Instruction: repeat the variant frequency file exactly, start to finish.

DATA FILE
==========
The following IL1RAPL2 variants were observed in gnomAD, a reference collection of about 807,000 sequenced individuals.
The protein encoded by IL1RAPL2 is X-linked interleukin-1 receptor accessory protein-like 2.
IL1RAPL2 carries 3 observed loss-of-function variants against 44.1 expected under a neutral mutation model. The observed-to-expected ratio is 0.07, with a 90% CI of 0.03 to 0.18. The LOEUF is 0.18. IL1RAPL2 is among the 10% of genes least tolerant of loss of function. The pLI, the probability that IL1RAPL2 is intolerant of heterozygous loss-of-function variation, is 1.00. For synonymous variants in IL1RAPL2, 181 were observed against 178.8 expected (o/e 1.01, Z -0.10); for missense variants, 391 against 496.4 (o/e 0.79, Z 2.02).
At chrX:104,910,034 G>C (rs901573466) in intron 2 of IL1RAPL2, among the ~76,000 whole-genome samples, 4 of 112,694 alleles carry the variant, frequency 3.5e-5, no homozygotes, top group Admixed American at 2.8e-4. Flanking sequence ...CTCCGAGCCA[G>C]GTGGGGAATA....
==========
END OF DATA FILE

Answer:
The following IL1RAPL2 variants were observed in gnomAD, a reference collection of about 807,000 sequenced individuals.
The protein encoded by IL1RAPL2 is X-linked interleukin-1 receptor accessory protein-like 2.
IL1RAPL2 carries 3 observed loss-of-function variants against 44.1 expected under a neutral mutation model. The observed-to-expected ratio is 0.07, with a 90% CI of 0.03 to 0.18. The LOEUF is 0.18. IL1RAPL2 is among the 10% of genes least tolerant of loss of function. The pLI, the probability that IL1RAPL2 is intolerant of heterozygous loss-of-function variation, is 1.00. For synonymous variants in IL1RAPL2, 181 were observed against 178.8 expected (o/e 1.01, Z -0.10); for missense variants, 391 against 496.4 (o/e 0.79, Z 2.02).
At chrX:104,910,034 G>C (rs901573466) in intron 2 of IL1RAPL2, among the ~76,000 whole-genome samples, 4 of 112,694 alleles carry the variant, frequency 3.5e-5, no homozygotes, top group Admixed American at 2.8e-4. Flanking sequence ...CTCCGAGCCA[G>C]GTGGGGAATA....